Tesla’s virtual power plant system will begin testing in 1,100 public housing properties. Tesla image.
Virtual power plant will generate ‘significant’ portion of households’ electricity needs
Months after Tesla built the world’s largest lithium-ion battery installation in South Australia, the state government and Elon Musk’s company are working together on a virtual power plant that could power up to 50,000 homes and feed electricity back to the grid.
Currently, about two-thirds of Australia’s electricity needs are generated by fossil fuels, mainly coal. Along with environmental repercussions from using coal, residents have had to suffer through blackouts due to extreme heat and storms.
South Australia and Tesla are teaming up to build a 250MW virtual power plant that will consist of thousands of solar panels and batteries installed in some public housing.
These panels and batteries will run software that will decide when to store energy in the Tesla 13.5kWh Powerwall and when to sell it back to the grid.
The first part of the system test, the installation of systems in 1,100 homes, is expected to continue throughout this year and into 2019. If the trial is successful, another 24,000 Housing Trust homes will be outfitted with the Tesla solar panels and battery. Installations in public housing will be free of charge.
Should the second phase goes well, another 25,000 private South Australian homes could buy into the system. Homeowners will pay for their systems and, at this time, pricing has not been disclosed.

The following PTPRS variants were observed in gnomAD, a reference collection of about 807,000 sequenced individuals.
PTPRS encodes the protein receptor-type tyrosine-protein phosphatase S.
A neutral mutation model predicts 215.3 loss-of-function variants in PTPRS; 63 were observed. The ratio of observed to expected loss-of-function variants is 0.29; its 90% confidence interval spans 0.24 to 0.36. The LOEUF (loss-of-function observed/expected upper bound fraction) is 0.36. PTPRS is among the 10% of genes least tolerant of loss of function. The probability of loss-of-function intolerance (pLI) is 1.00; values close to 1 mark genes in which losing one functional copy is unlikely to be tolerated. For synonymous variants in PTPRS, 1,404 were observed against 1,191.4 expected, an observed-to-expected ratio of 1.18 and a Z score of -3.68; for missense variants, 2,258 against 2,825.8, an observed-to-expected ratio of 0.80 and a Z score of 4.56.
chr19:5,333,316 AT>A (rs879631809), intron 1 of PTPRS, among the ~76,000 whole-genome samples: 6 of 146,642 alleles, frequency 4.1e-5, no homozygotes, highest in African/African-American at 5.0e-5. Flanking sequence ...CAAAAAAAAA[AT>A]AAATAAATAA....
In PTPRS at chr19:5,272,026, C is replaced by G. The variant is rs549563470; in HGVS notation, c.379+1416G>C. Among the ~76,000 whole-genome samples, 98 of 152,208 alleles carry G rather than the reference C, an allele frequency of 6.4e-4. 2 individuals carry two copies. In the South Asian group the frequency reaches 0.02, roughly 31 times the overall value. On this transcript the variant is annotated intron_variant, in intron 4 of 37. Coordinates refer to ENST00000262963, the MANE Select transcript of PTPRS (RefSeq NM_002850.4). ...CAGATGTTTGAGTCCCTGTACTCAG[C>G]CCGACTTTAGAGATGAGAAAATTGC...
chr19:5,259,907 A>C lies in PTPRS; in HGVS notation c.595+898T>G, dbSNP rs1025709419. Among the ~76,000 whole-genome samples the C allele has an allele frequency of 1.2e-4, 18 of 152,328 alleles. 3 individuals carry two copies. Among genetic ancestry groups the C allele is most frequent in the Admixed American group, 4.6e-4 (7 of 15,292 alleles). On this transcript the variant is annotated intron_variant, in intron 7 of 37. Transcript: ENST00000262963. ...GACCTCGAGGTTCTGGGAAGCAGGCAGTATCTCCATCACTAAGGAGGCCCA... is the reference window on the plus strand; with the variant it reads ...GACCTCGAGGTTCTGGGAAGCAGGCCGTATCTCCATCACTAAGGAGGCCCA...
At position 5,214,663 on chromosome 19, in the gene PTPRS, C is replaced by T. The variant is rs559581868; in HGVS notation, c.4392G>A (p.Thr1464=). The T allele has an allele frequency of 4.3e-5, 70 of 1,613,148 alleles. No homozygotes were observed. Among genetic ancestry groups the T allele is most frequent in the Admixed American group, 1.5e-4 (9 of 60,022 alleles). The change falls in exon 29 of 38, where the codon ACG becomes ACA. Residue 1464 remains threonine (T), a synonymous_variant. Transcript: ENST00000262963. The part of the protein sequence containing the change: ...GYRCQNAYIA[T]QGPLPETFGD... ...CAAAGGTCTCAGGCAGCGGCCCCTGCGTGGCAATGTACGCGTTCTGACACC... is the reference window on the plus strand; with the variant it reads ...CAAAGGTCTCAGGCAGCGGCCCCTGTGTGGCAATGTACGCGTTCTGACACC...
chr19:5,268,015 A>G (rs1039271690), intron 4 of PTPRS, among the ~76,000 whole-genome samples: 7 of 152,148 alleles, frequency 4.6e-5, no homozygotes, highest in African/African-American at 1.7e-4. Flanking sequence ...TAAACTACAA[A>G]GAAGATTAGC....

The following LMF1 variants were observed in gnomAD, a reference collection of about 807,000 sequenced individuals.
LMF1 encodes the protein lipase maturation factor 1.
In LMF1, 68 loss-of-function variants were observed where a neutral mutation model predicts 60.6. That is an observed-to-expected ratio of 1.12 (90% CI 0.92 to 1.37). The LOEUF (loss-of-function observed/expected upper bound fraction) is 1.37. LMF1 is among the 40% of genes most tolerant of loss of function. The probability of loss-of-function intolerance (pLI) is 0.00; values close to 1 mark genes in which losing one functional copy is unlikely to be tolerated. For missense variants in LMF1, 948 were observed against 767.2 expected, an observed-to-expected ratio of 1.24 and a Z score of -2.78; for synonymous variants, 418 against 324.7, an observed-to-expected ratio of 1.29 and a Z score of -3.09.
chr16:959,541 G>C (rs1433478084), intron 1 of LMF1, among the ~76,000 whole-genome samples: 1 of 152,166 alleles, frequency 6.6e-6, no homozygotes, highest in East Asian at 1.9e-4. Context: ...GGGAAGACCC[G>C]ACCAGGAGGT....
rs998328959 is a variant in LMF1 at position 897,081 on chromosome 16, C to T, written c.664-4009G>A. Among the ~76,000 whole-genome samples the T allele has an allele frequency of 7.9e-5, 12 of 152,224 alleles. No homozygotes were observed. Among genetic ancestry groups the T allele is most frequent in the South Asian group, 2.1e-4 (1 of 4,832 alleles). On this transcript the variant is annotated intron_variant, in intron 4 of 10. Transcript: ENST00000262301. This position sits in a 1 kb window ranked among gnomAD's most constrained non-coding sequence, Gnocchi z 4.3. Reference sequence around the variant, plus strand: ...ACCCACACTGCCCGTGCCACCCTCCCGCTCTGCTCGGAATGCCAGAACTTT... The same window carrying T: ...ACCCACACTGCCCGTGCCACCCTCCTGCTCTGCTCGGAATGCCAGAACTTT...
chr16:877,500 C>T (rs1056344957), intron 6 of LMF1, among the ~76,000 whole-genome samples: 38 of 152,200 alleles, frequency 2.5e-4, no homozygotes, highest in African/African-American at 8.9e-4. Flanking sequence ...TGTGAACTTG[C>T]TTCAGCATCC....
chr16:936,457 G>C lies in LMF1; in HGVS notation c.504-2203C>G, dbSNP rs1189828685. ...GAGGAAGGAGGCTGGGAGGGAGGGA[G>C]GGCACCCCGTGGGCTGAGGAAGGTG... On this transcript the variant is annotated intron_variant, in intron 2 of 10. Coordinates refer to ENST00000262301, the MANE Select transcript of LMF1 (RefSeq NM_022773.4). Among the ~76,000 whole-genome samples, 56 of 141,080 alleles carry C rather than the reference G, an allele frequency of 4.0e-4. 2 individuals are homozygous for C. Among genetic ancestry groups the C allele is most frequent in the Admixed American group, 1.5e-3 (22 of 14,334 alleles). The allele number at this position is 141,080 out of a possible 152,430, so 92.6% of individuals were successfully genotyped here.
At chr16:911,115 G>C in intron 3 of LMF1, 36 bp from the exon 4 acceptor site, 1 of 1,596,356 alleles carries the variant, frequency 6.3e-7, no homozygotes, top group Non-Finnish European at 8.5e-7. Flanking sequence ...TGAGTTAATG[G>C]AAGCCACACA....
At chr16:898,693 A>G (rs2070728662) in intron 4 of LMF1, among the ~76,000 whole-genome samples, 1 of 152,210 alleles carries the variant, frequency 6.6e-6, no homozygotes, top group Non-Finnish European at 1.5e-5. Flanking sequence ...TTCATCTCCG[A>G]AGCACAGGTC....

Homes which are part of the virtual power plant will have to pay for the electricity they consume.
According to Jay Weatherill, Premier of South Australia, the Tesla systems should save participants up to 30 per cent on their energy bills.
Grid managers see benefits to the virtual power plant as well. Instead of racking up costs for independently sourced distributed generation as electricity use jumps in the evenings when people are home, the Tesla system acts as a utility-grade solar and storage system.
Participants cannot go fully off-grid during normal operations, but the panels and battery will work in a blackout by disconnecting from the grid and sending electricity to the home where the panels and battery are installed.
Initial stages for the program are being funded by the government of South Australia. The state’s website says “The virtual power plant is being fast-tracked by a A$2 million grant and A$30 million loan from the Renewable Technology Fund. The total value of the project is currently estimated at approximately A$800 million which will come from investors.
Similar to traditional electricity generation installations, investors would earn a return through electricity being sold back to customers.